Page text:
American cowboy Shane Stotler points out his truck window at a herd of cattle just cresting a hill on the horizon. Normally, he’d be out there riding with the Russian workers he’s been hired to train by Miratorg, Russia’s largest cattle operation. Instead, he’s waited for me at ranch headquarters so we can drive out to the pasture together.
As the cattle come closer, I see there are about 100 “pairs” (cows with their calves). Today is weaning day, when the young generation will start their journeys towards either becoming breeding animals or chattel for the feedlot. (See: Inside a Russian Slaughterhouse, It’s a Far Cry from ‘The Jungle’.)
In addition to importing American cowboys, Russian ranchers have imported Quarter Horses. (Photo by @comradecowboys) This breed has special instincts for working with livestock. The imported horses are trained in the Western discipline of equitation, so Russian ranch hands must adapt how they ride. Read about how they do it in my latest for @natgeo and @the_fulbright_program. Link in bio and here: http://on.natgeo.com/1V0OAsC #comradecowboys #russiancowboy #russia #россия #bryansk #Брянск #photosociety #documentaryphotography #travelphotography #westernphotography #horse #horsebackriding #horsesofinstgram #westernsaddle #westernriding #ranchlife #happytrails #nofences #openrange #freerange #dontfencemein
On the cattle drive, I count four Russian cowboys, or “operators” as they’re called at Miratorg. Stotler watches one man in particular. He’s new to the job and looks nervous riding his horse, pulling back on the reins not direct the animal, but to keep from falling off. The horse is confused, not sure if he’s supposed to stop, turn, or back up. The rider is getting frustrated and gives the horse a few kicks in the ribs. If the horse were a car, the man would be stomping on the clutch, gas pedal, and brake at once.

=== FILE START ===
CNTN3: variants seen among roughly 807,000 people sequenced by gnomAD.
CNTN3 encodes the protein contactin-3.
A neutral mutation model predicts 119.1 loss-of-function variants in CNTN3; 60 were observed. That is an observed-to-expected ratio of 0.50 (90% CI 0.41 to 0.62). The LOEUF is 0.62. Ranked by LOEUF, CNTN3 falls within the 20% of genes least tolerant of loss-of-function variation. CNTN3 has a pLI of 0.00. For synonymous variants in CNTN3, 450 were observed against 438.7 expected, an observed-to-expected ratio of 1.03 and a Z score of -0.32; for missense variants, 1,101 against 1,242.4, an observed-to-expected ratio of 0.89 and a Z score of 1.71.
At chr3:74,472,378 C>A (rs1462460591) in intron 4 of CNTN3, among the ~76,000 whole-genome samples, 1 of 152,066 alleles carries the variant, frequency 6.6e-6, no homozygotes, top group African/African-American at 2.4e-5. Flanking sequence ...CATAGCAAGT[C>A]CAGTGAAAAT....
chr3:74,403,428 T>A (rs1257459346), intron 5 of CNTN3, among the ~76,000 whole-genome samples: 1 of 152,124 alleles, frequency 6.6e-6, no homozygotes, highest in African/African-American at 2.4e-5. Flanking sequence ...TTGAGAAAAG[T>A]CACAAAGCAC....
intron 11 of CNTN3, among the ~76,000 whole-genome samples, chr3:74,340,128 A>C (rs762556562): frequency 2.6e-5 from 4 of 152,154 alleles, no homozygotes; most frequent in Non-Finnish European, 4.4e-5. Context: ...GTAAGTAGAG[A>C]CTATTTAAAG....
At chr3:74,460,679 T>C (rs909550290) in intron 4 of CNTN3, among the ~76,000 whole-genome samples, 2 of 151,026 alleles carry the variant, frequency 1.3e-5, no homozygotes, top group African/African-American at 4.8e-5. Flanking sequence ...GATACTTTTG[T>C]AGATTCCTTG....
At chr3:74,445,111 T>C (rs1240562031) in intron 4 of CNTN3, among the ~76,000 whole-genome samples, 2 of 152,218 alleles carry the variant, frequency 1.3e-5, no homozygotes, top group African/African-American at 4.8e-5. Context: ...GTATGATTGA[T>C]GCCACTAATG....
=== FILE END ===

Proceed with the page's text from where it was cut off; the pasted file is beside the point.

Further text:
“Some of these guys have a long way to go to learn how to ride,” Stotler says. “It’s what I spend most of my time doing.”
Some Russians know how to ride, taught either at home or in the military. But they ride in a style similar to English equitation, pulling the reins tight against the bit and riding with their knees hiked up beneath them, like jockeys.
If it were just a matter of preference, it wouldn’t be a big deal how they ride. But Miratorg owns a herd of Quarter Horses, imported form the U.S. where they were trained in the Western tradition. The horses can’t be expected to adapt to the Russians, but vice versa. Besides, Western horsemanship is largely considered the most humane technique for using horses to work livestock…
Read More: Russian Cowboys Learn to Ride Western
Ryan Bell is a Fulbright-National Geographic Fellow traveling through Russia and Kazakhstan. He’s reporting about food topics for The Plate, and his travel adventures for Voices. You can also follow him on Twitter, Instagram, Facebook, and Storify.